I have a friend named Jordan.
Jordan is 8 years old with a wisp of blonde hair spiked like a Kewpie doll and pale skin with a smattering of caramel-colored freckles across the bridge of his nose. He has limbs like cooked spaghetti—thin and jumbled from the nonstop energy that comes simply from being his age. He is a kid on the go! A kid with plans! (Watch out world!)
On one particular Sunday last winter, the stars aligned and my birthday coincided with getting to stand in front of a room full of singing kids while a piano played a rendition of a happy birthday song and I wore some silly birthday hats—several of them—crowded jauntily on my head, just how the kids wanted.
I was sung to with gusto, and all the kids were adorable, sweet and loud, and that was that.
Or so I thought.
As I walked from the front of the room to the back, I could see a whirlwind of limbs and bow tie and candy-colored pants in my periphery.
It was my friend Jordan—all dapper in his Sunday best—running straight towards me. He threw his arms around my waist and locked his eyes straight onto mine while I hugged him back and he wished me a singular, lovely happy birthday.
This was no half-hearted gesture. It was full of everything he had in that moment, and it was earnest and pure.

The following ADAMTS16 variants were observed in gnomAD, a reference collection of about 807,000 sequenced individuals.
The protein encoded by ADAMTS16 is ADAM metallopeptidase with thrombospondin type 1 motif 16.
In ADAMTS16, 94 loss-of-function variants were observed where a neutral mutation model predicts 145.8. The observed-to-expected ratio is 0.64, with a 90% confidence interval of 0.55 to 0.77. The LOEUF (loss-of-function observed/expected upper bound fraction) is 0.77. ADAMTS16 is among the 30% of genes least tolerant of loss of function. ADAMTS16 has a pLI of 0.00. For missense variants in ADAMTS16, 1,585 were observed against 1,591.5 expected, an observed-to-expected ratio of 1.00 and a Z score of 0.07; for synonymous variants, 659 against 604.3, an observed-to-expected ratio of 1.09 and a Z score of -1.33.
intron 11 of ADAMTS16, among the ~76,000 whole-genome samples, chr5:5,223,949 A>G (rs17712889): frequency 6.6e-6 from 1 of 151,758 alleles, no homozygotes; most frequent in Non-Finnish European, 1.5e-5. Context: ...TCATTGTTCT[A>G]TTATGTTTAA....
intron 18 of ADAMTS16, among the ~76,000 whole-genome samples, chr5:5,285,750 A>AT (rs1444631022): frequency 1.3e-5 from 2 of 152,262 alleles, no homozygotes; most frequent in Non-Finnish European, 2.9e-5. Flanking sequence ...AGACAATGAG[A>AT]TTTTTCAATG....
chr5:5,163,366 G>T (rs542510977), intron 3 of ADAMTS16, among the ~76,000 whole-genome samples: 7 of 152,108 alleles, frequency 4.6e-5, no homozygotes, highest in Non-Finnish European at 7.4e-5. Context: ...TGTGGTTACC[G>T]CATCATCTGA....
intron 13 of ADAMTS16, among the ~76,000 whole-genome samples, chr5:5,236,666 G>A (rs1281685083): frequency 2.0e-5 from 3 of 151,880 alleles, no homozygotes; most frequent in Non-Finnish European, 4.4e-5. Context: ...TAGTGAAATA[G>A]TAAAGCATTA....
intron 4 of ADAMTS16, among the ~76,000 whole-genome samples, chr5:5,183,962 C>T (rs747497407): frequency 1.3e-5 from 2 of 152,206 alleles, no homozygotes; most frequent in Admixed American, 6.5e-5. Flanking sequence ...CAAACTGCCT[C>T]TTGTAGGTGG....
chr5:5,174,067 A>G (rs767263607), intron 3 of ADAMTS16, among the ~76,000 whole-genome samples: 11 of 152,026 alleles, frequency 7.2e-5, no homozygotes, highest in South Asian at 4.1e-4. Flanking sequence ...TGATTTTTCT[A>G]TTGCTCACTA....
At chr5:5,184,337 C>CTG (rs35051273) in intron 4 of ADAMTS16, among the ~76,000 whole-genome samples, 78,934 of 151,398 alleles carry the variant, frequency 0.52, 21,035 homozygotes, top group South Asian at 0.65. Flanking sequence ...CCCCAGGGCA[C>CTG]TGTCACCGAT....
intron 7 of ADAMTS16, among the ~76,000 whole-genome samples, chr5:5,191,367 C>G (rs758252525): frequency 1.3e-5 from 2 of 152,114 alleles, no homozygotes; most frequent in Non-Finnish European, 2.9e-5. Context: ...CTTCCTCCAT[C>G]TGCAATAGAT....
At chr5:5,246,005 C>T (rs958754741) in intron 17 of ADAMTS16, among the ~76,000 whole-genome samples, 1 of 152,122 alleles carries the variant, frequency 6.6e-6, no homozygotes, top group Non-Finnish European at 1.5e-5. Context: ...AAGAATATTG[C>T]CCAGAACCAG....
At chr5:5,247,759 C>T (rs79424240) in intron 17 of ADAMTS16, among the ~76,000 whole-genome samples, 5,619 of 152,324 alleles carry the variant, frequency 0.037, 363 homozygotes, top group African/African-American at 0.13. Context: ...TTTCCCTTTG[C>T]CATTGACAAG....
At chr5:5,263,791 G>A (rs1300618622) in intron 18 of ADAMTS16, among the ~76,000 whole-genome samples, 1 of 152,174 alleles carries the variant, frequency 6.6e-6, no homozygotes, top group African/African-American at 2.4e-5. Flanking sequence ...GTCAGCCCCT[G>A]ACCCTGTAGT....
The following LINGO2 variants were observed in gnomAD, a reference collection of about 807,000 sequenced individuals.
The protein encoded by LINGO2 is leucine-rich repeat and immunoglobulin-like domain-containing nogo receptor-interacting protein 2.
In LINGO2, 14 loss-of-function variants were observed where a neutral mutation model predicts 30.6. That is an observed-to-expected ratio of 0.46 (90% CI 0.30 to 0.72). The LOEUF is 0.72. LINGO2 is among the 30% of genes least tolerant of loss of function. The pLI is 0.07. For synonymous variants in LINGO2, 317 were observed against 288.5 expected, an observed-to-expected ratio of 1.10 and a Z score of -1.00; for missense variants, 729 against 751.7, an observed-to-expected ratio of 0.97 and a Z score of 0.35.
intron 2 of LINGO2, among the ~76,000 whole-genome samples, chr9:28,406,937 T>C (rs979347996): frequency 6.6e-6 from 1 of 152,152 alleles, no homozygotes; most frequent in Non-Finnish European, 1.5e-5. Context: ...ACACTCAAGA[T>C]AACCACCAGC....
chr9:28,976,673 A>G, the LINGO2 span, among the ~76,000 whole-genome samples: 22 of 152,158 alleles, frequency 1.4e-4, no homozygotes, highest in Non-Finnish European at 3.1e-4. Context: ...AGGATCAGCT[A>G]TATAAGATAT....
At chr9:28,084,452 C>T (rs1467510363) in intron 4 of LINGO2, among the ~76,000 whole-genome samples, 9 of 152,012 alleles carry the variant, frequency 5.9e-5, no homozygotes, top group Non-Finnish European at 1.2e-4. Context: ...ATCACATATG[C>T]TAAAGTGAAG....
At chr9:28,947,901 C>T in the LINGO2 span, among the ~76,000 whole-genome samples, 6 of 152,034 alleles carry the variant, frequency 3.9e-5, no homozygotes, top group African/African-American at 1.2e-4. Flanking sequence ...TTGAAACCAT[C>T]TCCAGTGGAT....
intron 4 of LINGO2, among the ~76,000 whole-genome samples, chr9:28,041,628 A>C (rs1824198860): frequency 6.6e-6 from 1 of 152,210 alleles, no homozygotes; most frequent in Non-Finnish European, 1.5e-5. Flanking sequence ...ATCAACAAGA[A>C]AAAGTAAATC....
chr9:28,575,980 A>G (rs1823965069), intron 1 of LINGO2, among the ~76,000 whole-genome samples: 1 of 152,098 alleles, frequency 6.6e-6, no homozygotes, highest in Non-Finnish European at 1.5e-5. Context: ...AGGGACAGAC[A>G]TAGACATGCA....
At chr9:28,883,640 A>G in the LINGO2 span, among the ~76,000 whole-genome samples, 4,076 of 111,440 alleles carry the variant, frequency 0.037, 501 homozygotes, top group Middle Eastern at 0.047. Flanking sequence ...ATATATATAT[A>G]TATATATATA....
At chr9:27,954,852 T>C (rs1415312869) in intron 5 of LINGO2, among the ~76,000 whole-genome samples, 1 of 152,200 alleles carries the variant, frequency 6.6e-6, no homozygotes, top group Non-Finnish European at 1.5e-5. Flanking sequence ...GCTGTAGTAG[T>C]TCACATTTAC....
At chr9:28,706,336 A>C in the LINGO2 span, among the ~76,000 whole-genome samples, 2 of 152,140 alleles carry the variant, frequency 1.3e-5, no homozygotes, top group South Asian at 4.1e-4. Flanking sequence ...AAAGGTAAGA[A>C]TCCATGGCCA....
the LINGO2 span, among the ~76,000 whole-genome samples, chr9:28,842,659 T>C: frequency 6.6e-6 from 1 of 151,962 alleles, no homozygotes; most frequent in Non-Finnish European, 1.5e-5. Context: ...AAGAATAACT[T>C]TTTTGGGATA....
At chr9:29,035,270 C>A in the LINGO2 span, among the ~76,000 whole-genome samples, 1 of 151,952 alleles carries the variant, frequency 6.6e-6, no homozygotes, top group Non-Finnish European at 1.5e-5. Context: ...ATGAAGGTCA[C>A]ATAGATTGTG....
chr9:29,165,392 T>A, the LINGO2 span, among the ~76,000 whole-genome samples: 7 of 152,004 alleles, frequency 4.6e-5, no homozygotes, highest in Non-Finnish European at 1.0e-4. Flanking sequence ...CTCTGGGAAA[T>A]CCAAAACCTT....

Did I mention that Jordan has Down Syndrome? That most of the things he does are full of heart and earnest and pure?
And I’m learning that this may be the case of those with special needs. That more than having special needs, they have special abilities to enrich our lives and community in ways that would be lacking without them. Even if that special ability is to just make me feel like a million bucks. (Thanks, Jordan!)
As this season comes into its own and the temperature drops and Corner Canyon starts to don her yellow, orange and red coat, enjoy it and all it entails—pumpkins, haunts, hunts, harvests, pie, family, a few great meals… And know that if you need a head start on any of it, you can find it all here, in these pages.